How is this website organized?      ^ top
Each task typically contains four sections, accessed through the “tabs” running across the top of the screen. Each section contains materials for you to view or read that will help you to complete the task at hand. You complete the sections in the following order:

Section 1: Read about your task
Section 2: Get help
Section 3: Submit your work
Section 4: Reflect on what you learned

Read on to learn more about these sections.

Task Sections
Section 1: Read about your task When you click on a task in the navigation bar, you see that task’s first section, Read about your task. This section contains one or more emails from your supervisor or others directing you to do a certain task and briefly describing your assignment. In addition, there may be email attachments in the form of text documents or video, or other items such as your patients’ X-rays, which contain important information you need to complete your task.
Section 2: Get help

Once you’ve read through your task, go to the Get help section to receive detailed instructions and assistance to help you complete your work. This section provides several different kinds of help, each with its own purpose:

Step by Step Guide: This resource provides detailed, step-by-step instructions for completing your task. This guide will be especially useful in helping you through the challenging parts of your task, and will refer you to key resources needed to complete the task successfully.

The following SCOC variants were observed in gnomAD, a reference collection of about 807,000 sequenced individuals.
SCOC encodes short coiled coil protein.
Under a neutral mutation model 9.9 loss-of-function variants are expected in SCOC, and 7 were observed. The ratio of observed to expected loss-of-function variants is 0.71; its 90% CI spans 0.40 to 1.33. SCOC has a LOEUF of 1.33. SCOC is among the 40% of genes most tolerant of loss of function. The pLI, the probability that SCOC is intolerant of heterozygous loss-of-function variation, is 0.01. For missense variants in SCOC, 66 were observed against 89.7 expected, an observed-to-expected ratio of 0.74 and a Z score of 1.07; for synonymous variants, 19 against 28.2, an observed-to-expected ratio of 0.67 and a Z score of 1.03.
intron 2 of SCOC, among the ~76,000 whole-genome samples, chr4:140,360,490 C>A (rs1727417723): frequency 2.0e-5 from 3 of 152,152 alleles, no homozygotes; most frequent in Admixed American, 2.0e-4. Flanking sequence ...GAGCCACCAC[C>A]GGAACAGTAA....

Tips and Traps: This resource provides you with helpful hints to consider as you work through your task. It provides advice on common mistakes and tricky parts of the task you should be aware of, and advice for overcoming these challenges.

Resources: This provides links to FAQs, print materials and websites you may need to complete your work and provides you with background reading on your rotation’s subject area. Resources are divided into sections, organized by topic. One key resource is the Diagnosis and Treatment Archive—Internal Medicine (DATA). This archive contains medical content you will need to assess and treat the clients you will encounter in your tasks, including signs and symptoms, potential diagnoses, and treatment options relevant to their conditions.

Beyond the help included in Get help, there is also a General Skills Resources link in the left menu that provides help with non-subject matter related skills you will use repeatedly throughout the rotation. These skills include note-taking and research, writing, teamwork, and project management. (Additional help is also available through communication with your mentor and your fellow students.)

Section 3: Submit your work When you are finished with a task, click on Submit your work. This section tells you exactly what material you need to submit and how you should name your deliverable(s). Your mentor will provide guidance on how to submit your work, e.g., where to email it.
Section 4: Reflect on what you learned At the end of many tasks, you’ll find reflection questions to consider in the section titled Reflect on what you learned. You may be asked to think and write about these topics on your own or to discuss them with your peers. The questions will help you step outside of your role and think about what you’ve learned, and how it can be applied to your day-to-day life, and to consider issues that arose as you worked through the task. The questions may also highlight connections between what you may have learned in one task and concepts from other previous tasks in the rotation.